Newborn into the ‘terrible twos’ – your child’s development over the initial two years will display a tremendous amount of growth and learning, which will both be a wonder and a challenge to parents and caregivers. Thus, it is crucial for guardians to understand how these milestones unfold over the years and how you can provide sufficient support for healthy growth. Month on month, you will witness your child develop over these key areas:
- Physical Development: Learn to roll over, sit up, crawl and walk.
- Cognitive Development: Coo, babble and say their first words, as well as explore their surroundings and begin early problem-solving.
- Social and Emotional Development: Displaying attachment to caregiver, facial recognition, demonstrating a range of emotions and becoming more responsive to social cues.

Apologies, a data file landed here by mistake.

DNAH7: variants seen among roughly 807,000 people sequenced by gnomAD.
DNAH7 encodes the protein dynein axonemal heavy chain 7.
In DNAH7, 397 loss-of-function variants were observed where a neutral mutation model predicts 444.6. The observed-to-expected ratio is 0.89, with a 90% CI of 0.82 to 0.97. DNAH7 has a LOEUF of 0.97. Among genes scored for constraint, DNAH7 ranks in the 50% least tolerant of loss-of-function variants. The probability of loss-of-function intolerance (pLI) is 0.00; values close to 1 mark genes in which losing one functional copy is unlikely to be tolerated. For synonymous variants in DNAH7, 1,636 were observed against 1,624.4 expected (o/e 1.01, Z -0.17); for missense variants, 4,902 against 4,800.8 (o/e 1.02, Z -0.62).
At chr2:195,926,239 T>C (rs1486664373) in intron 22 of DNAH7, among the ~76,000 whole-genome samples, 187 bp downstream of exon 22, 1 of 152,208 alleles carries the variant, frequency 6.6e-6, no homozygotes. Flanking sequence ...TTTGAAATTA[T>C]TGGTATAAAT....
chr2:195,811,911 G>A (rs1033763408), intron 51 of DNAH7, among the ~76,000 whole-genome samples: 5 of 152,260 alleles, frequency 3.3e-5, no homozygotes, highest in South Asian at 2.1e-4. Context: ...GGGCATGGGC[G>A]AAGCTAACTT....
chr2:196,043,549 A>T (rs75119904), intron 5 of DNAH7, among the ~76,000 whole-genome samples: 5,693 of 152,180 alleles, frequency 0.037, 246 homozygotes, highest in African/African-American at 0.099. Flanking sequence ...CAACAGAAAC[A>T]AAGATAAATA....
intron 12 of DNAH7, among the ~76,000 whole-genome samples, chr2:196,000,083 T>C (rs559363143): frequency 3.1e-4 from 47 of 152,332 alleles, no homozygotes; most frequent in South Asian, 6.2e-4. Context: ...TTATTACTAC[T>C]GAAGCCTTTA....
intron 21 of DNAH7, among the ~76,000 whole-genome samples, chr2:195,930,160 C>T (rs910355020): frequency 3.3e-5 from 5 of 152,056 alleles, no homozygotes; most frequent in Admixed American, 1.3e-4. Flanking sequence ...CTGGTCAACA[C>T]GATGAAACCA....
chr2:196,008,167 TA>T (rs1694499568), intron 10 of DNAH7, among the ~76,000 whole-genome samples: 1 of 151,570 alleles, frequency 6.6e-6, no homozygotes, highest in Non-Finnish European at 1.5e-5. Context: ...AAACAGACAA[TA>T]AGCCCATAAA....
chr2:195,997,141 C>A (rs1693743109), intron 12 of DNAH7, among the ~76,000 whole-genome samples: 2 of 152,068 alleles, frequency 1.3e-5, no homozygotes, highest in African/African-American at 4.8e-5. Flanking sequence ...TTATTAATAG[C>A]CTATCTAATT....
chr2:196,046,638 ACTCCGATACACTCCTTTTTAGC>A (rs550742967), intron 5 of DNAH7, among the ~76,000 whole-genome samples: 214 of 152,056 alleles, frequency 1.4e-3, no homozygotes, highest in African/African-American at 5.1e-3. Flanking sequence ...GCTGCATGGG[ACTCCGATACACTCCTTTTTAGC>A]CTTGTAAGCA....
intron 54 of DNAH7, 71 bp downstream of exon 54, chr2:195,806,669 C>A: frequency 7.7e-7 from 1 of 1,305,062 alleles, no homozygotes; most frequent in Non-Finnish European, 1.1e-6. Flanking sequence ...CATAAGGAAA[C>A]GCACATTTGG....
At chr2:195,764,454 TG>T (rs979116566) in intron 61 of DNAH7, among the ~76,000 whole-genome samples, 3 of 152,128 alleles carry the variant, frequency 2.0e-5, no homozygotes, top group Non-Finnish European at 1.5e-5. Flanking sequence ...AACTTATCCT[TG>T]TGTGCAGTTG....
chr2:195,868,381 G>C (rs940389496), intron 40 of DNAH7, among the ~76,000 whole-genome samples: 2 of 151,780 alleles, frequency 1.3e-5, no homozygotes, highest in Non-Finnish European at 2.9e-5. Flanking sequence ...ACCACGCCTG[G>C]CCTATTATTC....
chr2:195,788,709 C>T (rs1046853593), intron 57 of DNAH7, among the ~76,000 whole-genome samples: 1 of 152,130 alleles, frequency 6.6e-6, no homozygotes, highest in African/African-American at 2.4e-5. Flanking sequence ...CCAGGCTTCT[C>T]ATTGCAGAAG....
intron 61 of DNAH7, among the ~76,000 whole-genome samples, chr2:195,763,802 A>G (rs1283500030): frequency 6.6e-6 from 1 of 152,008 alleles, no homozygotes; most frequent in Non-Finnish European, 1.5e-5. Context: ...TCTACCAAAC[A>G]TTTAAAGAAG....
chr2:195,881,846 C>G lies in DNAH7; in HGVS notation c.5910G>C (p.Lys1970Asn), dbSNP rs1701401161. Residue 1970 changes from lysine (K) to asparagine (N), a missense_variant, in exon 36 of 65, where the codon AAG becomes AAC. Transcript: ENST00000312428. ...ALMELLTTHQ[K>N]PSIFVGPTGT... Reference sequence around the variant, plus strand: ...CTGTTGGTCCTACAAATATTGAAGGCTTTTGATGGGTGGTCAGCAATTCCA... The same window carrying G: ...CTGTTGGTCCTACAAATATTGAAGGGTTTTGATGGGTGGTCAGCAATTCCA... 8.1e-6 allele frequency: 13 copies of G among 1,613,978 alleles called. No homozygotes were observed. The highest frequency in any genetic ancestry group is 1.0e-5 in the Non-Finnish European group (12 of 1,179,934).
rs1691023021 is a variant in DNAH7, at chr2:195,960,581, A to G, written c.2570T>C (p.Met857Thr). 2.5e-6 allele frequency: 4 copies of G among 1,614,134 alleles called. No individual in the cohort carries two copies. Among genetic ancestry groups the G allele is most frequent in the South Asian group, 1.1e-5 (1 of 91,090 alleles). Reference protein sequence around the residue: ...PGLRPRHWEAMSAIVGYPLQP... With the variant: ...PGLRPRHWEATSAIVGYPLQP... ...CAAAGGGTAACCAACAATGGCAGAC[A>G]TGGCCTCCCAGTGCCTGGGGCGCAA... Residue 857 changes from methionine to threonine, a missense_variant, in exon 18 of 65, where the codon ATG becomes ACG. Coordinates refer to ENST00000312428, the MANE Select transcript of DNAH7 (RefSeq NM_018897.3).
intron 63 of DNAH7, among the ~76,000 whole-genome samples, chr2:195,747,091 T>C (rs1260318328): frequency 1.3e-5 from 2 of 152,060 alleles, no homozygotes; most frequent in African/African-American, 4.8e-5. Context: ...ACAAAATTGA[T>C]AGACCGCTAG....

Physical Milestone Development
The physical development of your child will be significantly prominent in the first two years. From infancy, your child will continually be refining motor skills needed to move and mimic their caregivers. Here are a few physical development milestones for you to pay close attention to:
Lifting of Head
2 to 4 months
Gain sufficient strength to lift their heads while lying on their stomachs, encouraging growth in neck and upper body strength.
4 to 6 months
Begins rolling from their back to their stomach, and vice versa, demonstrating increased control of their physical movements.
6 to 8 months
Develop the ability to sit up with support.
Strengthening of their muscles allows them to maintain a seated position on their own between ages 8 to 10 months.
6 to 10 months
12 to 15 months
May be able to pull themselves up into standing position using support.
May begin taking first steps, walking with assistance initially and eventually walking independently.